Represented by Anne Tiedemann and Patrick Schreen
While some talk about abolishing those GA committees, which seem out of date, one of its main committees sadly is as important as ever: the Disarmament and International Security Committee (GA 1st). The first committee serves as a forum for harmonizing various approaches to global threats and to promote disarmament.
At HNMUN, the two topics on the Disarmament and International Security Committee’s agenda were ‘Non-state paramilitary groups’ and ‘Espionage’. In our opinion, this choice of topics showed the importance of cooperation and information sharing in order to ensure global security.
In our committee, as in many others, we organized our work in four steps: On the first day, the different delegations discussed their respective positions and searched for possible allies. Then, we spent the next day drafting working papers which were supposed to serve as a common ground for discussion. On the third day, different regional groups tried to transform the different working papers into draft resolutions. Finally, on the fourth and last day, voting procedure took place.
It did not take long to decide that our committee would start with the topic of ‘non state actors and guerrilla movements’. We were very happy with that decision, as Bangladesh unreservedly supports collective efforts to combat terrorism in all its forms and manifestations. Together with Bhutan, India, the Maldives, Nepal, Pakistan and Sri Lanka, Bangladesh has adopted a regional convention against terrorism. Most importantly however, within the framework of the First Committee, we wanted to stress that the root causes of terrorism needed to be taken more into consideration. Thus, we were prepared to work towards a comprehensive solution to combat terrorism that also takes into consideration economic disadvantages and the fact that some states need support and technological assistance in the fight against terrorism.
The chair then formally opened the debate and asked whether any delegation wished to be put on the speaker’s list. The answer to that question came promptly and unambiguously as 191 placards rose simultaneously. Every delegation, from Afghanistan to Zimbabwe, was eager to introduce their plans and ideas on how to combat global terrorism.
On the second day, the outside temperature in Boston had fallen below 30° Fahrenheit, and the air in the Imperial Ballroom - the place of our conference sessions – felt rather chilly. The moderator greeted us with “Good morning, dear delegates. Welcome to `New England weather`, I am sorry to tell you that the heater currently does not work”.
Despite the low temperature, the spirit in our committee was always high and there was never a shortage of placards in the air. When we finally had the floor, we stressed that the root causes of terrorism (among others economic inequalities) should not be neglected. Less developed countries, like Bangladesh, needed economic and technical aid, in order to combat terrorism effectively.
The rest of the second and the whole third day, we tried to form coalitions with other Least Developed Countries (LDC) and Islamic countries during unmoderated caucus, hoping to find a common position.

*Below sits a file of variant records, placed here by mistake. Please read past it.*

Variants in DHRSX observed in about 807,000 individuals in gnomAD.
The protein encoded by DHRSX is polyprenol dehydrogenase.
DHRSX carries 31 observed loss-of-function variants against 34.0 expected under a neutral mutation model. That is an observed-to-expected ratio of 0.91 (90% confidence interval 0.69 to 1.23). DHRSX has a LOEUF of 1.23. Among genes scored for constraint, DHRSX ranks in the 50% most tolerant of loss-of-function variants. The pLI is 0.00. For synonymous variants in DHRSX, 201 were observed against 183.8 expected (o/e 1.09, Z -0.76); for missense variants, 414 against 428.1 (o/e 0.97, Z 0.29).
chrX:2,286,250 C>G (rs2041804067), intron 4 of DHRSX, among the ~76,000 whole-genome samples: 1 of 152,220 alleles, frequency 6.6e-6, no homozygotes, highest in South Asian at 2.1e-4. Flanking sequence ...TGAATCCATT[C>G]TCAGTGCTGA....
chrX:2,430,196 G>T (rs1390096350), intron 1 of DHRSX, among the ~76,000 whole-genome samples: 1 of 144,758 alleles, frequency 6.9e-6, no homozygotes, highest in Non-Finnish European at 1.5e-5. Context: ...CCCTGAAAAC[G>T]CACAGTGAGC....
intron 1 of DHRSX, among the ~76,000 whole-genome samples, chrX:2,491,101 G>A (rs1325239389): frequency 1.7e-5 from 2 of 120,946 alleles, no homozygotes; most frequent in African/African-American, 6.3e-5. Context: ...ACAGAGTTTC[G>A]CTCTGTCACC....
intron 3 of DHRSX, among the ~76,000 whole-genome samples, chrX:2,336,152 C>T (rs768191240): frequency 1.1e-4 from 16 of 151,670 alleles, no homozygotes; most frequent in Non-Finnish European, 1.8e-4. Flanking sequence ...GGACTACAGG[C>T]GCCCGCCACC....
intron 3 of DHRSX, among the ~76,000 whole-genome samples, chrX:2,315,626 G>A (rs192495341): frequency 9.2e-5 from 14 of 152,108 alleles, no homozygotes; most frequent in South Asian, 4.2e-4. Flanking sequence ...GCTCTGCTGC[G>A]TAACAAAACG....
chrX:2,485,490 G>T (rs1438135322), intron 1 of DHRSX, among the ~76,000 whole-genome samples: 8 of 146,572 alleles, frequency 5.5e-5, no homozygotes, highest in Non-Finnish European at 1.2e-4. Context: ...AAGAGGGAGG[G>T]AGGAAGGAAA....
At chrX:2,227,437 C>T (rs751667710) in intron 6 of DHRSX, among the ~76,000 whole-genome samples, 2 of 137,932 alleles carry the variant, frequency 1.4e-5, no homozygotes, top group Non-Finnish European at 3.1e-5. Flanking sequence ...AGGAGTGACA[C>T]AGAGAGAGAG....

On the final day, we heard an extremely passionate speech about the necessity of true international cooperation in the field of security (surprisingly!) by North Korea. Shortly after that unexpected contribution, one delegation made the motion to end debate -a motion that had been made unsuccessfully several times before. But to the surprise of the dais as well as to most of the delegations this motion passed narrowly.
Immediately, tactical considerations began about the order in which the three draft resolutions (that had been introduced so far) should be voted on. The draft resolution that contained Bangladesh’s proposals was supposed to be voted on in the end. We expected that the draft resolution we favoured would probably have the best chance to get adopted, as there had seemed to be a narrow majority for this proposal. Besides, we hoped that the delegates would support our proposal if the other drafts failed.
As we had expected, the first two draft resolutions failed to get a majority. Subsequently, the moderator announced: “We are now going to vote on Draft Resolution III. All those in favour, please raise your placards.” When we looked around, holding our placard high in the air, we realized that this resolution certainly received more “yes-votes” than the previous ones, but would it be enough for the resolution to be adopted?
It seemed that those who had expected cooperation and harmony on a fine and bright Sunday morning were to be disappointed. There was an atmosphere of defiance: Those whose proposals had failed before, were not willing to support the third draft resolution and offered only scornful laughter instead of genuine cooperation.
After all the votes had been counted by the moderator, the director and the assisting staff it was evident that the final resolution had also failed. Now, some of those, who had hesitated to cooperate before, showed some regret and made a “motion to repeat the voting”. Although the committee director doubted that this was possible, she called the Secretary General to clarify the matter. When the Secretary-General arrived, he examined if there had been any serious violations of the regulations during voting procedure. As this had not been the case, the Secretary-General stated that it was not possible “to repeat the voting procedure because the committee did not like the result.” So, GA1st did not produce a resolution at HNMUN 2006, but this may be the reason why in the end the simulation came even closer to reality than anyone had expected.